I’ve just been to my first cattle branding party ever and now that I’m ready to write the post I notice there is no category for me to place this post under! Cattle it is, and calves they were. A few weeks ago I had my first farm stay guest–a cowboy from Alberta. After coming all the way to Howling Duck Ranch for a much needed holiday (and to help butcher my goats!), he kindly invited me to come to a cattle branding party.
I have always loved the idea of cowboy ranching and here was an opportunity to see it live and in person. I’ve loved western movies all my life and can practically recite the dialogue from Lonesome Dove with little encouragement. Since that first trip out to the farm of my dad’s friend when I was 5 years old, I have wanted to farm and own cows. The more recent addition to the fantasy was to work them from a horse. Having not been born into a ranching family nor even known one, I never thought I would ever get the opportunity–and now here it was being offered on my blog!
“It’s in a place called Pine Lake, Alberta,” Jeff told me when I called to ask him if the offer was serious. “We’ll be rounding them up, branding, tagging, vaccinating, and castrating… I think you’ll really enjoy it.”
I laughed. “Well, that’s some first date,” but I was secretly thrilled.
For the first while I hung back, took photos, and observed all the goings on. The people were rounding the calves up and cutting them to get them into the chute. Others were keeping the fires going for the branding tools. Some were on ear tagging duty. Jeff was in charge of vaccinations and yet another fellow was doing the castrating.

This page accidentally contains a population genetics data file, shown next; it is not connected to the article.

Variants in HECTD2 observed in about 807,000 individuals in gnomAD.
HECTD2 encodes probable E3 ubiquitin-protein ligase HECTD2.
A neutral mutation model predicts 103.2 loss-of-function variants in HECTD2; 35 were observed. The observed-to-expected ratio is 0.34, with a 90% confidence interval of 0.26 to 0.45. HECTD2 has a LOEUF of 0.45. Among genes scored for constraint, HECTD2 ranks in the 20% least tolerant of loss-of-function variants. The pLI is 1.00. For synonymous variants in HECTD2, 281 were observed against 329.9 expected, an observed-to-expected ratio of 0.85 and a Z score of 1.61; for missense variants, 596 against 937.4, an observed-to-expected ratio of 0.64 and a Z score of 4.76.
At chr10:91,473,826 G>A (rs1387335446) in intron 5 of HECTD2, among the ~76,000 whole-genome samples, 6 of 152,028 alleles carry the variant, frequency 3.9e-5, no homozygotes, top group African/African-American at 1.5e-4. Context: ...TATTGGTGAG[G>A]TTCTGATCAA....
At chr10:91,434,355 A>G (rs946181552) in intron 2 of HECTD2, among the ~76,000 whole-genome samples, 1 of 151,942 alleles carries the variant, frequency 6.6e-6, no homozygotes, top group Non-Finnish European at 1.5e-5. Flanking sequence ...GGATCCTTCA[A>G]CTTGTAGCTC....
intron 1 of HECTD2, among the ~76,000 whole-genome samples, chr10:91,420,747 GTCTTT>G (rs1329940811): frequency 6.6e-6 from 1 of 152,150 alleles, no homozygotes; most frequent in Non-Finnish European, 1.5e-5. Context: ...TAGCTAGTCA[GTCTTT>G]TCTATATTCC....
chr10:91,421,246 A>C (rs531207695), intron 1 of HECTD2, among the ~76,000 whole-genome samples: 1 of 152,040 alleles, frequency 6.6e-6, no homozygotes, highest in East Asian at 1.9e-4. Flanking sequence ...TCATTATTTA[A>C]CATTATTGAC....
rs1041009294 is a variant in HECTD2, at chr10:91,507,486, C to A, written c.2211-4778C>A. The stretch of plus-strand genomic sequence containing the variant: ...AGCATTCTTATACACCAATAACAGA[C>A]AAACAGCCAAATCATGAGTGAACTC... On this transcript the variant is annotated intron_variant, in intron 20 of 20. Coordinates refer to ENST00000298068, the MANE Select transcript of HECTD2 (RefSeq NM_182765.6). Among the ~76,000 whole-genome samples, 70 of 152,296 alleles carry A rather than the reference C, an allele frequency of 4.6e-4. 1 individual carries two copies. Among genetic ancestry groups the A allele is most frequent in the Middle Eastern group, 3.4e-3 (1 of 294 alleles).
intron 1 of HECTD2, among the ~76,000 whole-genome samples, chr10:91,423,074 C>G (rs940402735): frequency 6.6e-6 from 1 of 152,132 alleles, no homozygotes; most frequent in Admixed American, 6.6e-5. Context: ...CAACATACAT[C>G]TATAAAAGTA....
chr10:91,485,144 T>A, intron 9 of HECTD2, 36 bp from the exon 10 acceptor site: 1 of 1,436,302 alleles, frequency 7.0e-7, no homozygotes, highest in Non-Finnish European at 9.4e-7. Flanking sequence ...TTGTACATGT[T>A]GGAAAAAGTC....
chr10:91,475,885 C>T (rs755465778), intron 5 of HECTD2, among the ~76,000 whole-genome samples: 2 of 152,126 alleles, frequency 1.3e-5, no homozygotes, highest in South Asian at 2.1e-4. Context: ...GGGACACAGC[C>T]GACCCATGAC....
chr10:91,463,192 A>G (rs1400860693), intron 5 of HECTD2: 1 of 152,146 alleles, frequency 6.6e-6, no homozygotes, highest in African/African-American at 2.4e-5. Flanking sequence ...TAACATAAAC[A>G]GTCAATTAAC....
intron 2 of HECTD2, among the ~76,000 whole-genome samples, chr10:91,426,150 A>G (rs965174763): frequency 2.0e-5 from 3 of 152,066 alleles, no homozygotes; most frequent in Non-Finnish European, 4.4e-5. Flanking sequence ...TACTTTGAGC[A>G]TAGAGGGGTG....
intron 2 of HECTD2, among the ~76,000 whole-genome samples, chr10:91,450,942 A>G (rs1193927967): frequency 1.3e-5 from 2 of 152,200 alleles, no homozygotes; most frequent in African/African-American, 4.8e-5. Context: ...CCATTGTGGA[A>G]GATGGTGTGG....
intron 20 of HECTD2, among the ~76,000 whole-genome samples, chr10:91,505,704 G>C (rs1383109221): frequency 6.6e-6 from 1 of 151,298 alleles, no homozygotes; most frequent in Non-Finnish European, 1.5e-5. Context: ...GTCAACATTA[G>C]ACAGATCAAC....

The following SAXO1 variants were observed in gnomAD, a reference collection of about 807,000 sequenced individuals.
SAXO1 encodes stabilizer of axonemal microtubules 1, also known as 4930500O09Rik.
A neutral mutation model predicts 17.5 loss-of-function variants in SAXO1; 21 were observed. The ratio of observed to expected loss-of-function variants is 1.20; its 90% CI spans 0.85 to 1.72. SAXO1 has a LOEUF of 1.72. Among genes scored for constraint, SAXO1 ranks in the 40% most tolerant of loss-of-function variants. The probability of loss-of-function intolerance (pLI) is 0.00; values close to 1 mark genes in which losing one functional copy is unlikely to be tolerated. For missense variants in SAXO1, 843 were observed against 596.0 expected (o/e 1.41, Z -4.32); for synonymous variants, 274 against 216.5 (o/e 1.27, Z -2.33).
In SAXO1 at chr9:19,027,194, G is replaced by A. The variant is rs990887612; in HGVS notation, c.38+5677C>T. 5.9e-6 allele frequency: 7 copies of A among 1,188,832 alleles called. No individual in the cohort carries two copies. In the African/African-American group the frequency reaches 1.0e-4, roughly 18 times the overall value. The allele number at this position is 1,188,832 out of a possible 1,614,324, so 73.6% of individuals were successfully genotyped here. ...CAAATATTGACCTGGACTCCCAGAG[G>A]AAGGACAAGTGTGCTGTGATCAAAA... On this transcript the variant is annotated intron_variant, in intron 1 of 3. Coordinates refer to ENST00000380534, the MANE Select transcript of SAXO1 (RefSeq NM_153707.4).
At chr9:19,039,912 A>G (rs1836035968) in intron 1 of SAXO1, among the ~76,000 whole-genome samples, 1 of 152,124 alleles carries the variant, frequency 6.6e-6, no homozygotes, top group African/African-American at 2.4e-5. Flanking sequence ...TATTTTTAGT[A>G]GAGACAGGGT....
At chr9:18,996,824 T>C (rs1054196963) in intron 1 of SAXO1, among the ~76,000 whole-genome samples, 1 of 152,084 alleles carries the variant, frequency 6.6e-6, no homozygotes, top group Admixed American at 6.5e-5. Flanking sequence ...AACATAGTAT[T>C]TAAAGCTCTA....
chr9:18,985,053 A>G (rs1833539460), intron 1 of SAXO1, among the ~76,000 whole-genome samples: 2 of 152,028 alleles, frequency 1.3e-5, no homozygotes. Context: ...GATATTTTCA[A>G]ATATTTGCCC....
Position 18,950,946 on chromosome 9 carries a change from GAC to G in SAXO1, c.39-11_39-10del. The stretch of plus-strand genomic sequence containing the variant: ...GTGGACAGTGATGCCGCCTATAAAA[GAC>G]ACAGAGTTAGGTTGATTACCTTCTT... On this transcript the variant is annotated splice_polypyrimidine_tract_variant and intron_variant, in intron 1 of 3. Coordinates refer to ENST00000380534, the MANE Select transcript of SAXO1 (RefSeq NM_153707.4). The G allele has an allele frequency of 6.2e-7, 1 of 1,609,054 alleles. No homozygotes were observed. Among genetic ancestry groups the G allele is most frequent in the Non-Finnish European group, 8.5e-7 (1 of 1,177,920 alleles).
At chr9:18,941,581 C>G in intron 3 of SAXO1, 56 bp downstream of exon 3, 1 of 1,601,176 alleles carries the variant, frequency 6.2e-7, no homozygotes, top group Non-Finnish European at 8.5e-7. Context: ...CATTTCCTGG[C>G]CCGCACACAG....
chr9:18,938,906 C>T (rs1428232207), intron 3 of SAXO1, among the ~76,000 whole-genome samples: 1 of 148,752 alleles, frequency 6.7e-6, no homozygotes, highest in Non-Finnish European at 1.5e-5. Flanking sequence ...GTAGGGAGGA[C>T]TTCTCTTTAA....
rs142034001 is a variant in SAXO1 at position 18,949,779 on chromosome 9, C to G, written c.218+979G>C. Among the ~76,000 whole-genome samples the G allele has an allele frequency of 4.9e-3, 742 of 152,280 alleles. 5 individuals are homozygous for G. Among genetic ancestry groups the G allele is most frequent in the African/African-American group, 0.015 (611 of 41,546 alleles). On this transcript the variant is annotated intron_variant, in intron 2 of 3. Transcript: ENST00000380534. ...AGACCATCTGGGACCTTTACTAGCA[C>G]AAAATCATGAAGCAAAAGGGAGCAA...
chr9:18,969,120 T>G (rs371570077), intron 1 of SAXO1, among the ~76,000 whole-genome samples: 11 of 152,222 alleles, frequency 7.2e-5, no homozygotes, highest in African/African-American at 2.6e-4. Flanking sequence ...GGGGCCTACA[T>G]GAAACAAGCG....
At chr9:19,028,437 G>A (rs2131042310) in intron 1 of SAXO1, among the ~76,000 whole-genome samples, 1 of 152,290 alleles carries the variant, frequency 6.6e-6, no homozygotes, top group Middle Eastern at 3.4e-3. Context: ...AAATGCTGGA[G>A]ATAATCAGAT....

“Kristeva wants to do the cutting” Jeff announced matter-of-factly while the men were delegating tasks. Much to my horror, they nearly took him seriously. Flattered, but not quite that game, I quietly declined. The look on one man’s face told me he would have loved to be relieved of the task–maybe it hurts internally to do that job when you are a man!
With all that was going on around me, it was a bit overwhelming to say the least. To make matters more confusing for an inexperienced greenhorn like me there were three different men’s cattle to brand, which made the job of cutting more exciting. I was determined to get in on the action and learn how to do something. When I finally felt brave enough I asked if I could learn to cut and run the calves up the chute. The man who would be my mentor looked me up and down, “I don’t know” he said, reluctance oozing out of his every pour. “Even with my 25+ years of experience one of them little buggers nearly got me in the chops just this morning.” He looked at my clean jeans and pink trimmed jean shirt and was busy summing me up, “Are you sure you want to do this?” When I nodded, and without waiting for him to formulate the wrong conclusion, clambered over the fence into the pen.
Step one: cutting calves.